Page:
A fundamental challenge, it seems, is that the systems we might try to manipulate are so complex and dynamic as to be largely unpredictable. With all those different species, each with its own idiosyncratic natural history, each somehow linked with so many others, it's awfully hard to be sure that pressing any given circle, and thus tugging certain threads, is going to have exactly the predicted effects. You might set out to support cod or crab, and end up bouncing something else altogether. After all, no one had much idea what bearded gobies could do until they overcame the Benguela.
Another challenge is that the instruments with which we press and tug on the web are awfully blunt: trawls, vast nets, mile-long lines with hooks dangling below. Such tools cannot be used to trim a single circle in the diagram; rather, they harrow whole neighborhoods. As a result, to get that annual 160 billion pounds of seafood we keep, we scoop out fully twice as much. So manipulating an oceanic ecosystem might be like doing cat's cradle tricks while wearing boxing gloves.
And we haven't given a thought to the ecological effects that are not depicted in our diagram. Remember that success story of restoration in Yellowstone? It turns out the wolves helped repair riverine woodlands not so much by killing deer as by terrifying them, and thus keeping them from lingering lazily riverside, browsing down their favorite herbage. What ecologists call "the landscape of fear" is now known to be important in seascapes, as well. And the implication is that we cannot stand-in, ecologically speaking, for the predatory fish we take out, even if we also catch the prey they would have eaten. Sophisticated as we may be in our understanding of the trophic web, we can't pull off a good impersonation of tuna.
For all these reasons, Management 505: Advanced Oceanic Biomanipulation is maybe a harder course than we'd like to enroll in. But unfortunately, we may have little choice in some cases—when things have gone desperately awry, for instance, as they have in the Benguela; or when an ecosystem is just now wobbling between different paths, and even conservative management—keeping the recent status quo—represents a momentous choice. Ironically, on the Scotian shelf, where the prospect of oceanic manipulation was brought to the fore by the stubborn collapse of cod, it is now being raised, once again, by the cod's belated and surprising recovery. Kenneth Frank has recently shown how one regime shift may eventually give way to another: The herring population, having gained ascendancy over its predators, became so abundant that it overshot its own food supply. Fluctuations of the population have ensued, and in the deeper dips, the cod may just recover—provided people aren't fishing for it. And so the top-predator, it seems, may soon reclaim its name.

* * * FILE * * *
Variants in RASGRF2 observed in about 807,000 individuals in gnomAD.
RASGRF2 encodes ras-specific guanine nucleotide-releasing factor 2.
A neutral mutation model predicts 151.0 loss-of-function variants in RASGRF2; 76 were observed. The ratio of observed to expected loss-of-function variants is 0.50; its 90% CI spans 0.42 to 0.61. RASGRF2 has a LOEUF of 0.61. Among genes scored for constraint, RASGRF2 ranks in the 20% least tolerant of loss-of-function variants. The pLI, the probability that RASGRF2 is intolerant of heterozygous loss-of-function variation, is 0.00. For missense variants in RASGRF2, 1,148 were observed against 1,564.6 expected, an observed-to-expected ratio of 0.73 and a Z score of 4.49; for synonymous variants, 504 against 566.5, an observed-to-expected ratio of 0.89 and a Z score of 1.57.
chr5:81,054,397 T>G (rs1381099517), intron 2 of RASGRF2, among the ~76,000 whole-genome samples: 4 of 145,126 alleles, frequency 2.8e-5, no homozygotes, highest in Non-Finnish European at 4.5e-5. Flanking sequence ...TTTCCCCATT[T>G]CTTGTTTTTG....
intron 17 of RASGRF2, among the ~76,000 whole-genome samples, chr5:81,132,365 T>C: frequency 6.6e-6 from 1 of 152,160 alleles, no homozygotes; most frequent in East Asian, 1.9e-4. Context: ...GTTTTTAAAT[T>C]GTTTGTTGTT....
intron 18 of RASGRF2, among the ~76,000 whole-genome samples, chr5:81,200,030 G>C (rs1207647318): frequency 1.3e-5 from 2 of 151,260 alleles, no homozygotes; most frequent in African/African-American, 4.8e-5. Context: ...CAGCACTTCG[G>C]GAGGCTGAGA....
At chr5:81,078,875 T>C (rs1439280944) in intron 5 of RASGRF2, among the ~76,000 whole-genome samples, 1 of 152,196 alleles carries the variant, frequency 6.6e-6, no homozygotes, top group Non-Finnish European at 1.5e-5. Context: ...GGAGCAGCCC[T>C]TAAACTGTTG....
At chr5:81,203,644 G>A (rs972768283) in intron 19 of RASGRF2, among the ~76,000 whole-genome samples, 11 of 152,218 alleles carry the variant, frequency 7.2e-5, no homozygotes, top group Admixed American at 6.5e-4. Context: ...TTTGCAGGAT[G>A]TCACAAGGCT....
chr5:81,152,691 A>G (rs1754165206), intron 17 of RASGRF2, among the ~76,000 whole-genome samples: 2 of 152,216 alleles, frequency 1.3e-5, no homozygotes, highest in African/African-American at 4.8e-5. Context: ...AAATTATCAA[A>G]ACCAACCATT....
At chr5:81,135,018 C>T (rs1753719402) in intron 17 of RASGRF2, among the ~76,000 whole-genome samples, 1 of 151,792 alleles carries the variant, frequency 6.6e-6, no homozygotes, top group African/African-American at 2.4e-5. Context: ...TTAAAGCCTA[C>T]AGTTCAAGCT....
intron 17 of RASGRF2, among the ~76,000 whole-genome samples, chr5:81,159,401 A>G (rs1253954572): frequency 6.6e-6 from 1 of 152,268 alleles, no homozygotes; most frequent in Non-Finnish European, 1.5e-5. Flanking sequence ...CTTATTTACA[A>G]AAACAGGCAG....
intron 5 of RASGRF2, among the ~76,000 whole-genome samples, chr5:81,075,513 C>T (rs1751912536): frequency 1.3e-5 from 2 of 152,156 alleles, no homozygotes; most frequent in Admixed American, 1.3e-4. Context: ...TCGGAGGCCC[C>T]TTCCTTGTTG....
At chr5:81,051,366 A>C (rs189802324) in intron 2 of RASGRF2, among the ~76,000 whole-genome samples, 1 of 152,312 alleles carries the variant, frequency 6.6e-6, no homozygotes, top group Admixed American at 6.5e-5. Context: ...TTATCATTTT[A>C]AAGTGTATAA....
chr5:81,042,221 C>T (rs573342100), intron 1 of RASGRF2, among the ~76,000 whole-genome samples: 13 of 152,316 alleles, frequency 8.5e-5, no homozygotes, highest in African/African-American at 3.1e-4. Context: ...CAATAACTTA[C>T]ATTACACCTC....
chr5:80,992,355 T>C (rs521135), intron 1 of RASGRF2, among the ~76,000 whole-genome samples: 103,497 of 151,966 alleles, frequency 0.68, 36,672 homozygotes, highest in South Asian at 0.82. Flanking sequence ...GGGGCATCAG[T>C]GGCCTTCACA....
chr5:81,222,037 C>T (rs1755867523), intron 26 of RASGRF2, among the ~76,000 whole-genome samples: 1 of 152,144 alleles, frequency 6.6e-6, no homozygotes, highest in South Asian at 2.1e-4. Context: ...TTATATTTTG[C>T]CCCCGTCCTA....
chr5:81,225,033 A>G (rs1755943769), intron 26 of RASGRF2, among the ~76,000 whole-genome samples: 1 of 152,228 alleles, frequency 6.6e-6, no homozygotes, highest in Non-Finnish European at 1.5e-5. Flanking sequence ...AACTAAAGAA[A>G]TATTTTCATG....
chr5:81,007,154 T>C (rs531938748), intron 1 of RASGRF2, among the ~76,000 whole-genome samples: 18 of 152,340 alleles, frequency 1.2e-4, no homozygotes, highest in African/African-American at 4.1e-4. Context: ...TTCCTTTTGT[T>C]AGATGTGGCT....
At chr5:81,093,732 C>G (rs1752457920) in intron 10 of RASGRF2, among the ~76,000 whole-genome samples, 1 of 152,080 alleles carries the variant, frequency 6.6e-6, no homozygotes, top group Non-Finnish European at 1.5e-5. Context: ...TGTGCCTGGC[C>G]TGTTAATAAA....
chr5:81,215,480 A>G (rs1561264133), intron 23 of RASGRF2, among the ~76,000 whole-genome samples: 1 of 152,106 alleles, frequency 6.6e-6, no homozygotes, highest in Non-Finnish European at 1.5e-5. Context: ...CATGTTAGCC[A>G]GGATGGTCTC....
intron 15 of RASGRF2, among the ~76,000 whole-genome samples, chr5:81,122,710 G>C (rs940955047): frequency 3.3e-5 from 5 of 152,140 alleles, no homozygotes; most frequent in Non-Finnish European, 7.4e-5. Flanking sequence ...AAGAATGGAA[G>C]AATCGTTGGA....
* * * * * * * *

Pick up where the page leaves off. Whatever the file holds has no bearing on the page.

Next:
That is, if we let it. And this raises what is, perhaps, the hardest challenge for a program of intentionally tilting ecosystems into arrangements that maximize value. As is often the case in economic arguments, "maximize value" is a phrase that sweeps an awful lot of complexity under a semi-technical rug. The really tough question is: value to whom? After all, cod fishermen and shrimp fishermen are not the same parties. And you cannot decide what to do simply by summing the total price fetched or profit garnered by a season's shrimp and comparing it with that of cod, because the different kinds of fishing entail different sorts of workforce, different distributions of wealth in the community, different ways of life. Deciding to manage for groundfish or shellfish is effectively to make choices in all of these arenas at once. And yet, the dynamics of the ecosystem dictate that, like it or not, a decision will be made.
In Bahía de los Ángeles, too, I have glimpsed what complications may hide behind pesos and pounds, the simpler measures of a fishery's value. The Humboldt squid—that creature my students hoisted from the deep—supports what is, by weight, the Gulf of California's largest fishery, amounting to about a quarter of a billion pounds per year. In view of such scale, it is surprising to realize that, prior to the late 1970s, no one in the northern gulf ever fished for squid, because there were hardly any there. What fishermen pursued instead were large fish, such as tunas and jacks. But then, in yet another variation on the ecological theme, the tunas and jacks were fished down, and their rarity helped open the way for squid. And since squid are voracious predators of just about everything, it is likely that their consumption of young tunas and jacks has helped maintain the new regime.